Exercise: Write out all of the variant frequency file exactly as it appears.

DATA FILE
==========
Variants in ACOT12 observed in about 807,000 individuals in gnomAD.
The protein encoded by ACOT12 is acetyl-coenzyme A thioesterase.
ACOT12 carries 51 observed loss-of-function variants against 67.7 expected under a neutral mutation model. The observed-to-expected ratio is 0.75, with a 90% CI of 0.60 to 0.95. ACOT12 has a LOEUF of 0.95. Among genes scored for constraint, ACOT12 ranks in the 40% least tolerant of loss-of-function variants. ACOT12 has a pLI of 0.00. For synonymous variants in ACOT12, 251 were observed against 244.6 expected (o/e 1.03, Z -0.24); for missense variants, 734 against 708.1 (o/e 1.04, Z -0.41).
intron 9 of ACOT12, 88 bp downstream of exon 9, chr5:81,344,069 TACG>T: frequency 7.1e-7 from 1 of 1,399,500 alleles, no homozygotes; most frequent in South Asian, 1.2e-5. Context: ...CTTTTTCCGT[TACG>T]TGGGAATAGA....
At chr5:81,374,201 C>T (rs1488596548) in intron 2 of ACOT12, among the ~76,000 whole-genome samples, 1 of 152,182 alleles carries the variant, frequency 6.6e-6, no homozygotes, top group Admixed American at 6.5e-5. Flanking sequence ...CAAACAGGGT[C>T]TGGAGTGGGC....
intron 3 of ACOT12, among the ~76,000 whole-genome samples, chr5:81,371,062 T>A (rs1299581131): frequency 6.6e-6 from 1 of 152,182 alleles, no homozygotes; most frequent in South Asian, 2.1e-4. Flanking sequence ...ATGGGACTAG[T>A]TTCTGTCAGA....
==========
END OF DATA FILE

Variants in ACOT12 observed in about 807,000 individuals in gnomAD.
The protein encoded by ACOT12 is acetyl-coenzyme A thioesterase.
ACOT12 carries 51 observed loss-of-function variants against 67.7 expected under a neutral mutation model. The observed-to-expected ratio is 0.75, with a 90% CI of 0.60 to 0.95. ACOT12 has a LOEUF of 0.95. Among genes scored for constraint, ACOT12 ranks in the 40% least tolerant of loss-of-function variants. ACOT12 has a pLI of 0.00. For synonymous variants in ACOT12, 251 were observed against 244.6 expected (o/e 1.03, Z -0.24); for missense variants, 734 against 708.1 (o/e 1.04, Z -0.41).
intron 9 of ACOT12, 88 bp downstream of exon 9, chr5:81,344,069 TACG>T: frequency 7.1e-7 from 1 of 1,399,500 alleles, no homozygotes; most frequent in South Asian, 1.2e-5. Context: ...CTTTTTCCGT[TACG>T]TGGGAATAGA....
At chr5:81,374,201 C>T (rs1488596548) in intron 2 of ACOT12, among the ~76,000 whole-genome samples, 1 of 152,182 alleles carries the variant, frequency 6.6e-6, no homozygotes, top group Admixed American at 6.5e-5. Flanking sequence ...CAAACAGGGT[C>T]TGGAGTGGGC....
intron 3 of ACOT12, among the ~76,000 whole-genome samples, chr5:81,371,062 T>A (rs1299581131): frequency 6.6e-6 from 1 of 152,182 alleles, no homozygotes; most frequent in South Asian, 2.1e-4. Flanking sequence ...ATGGGACTAG[T>A]TTCTGTCAGA....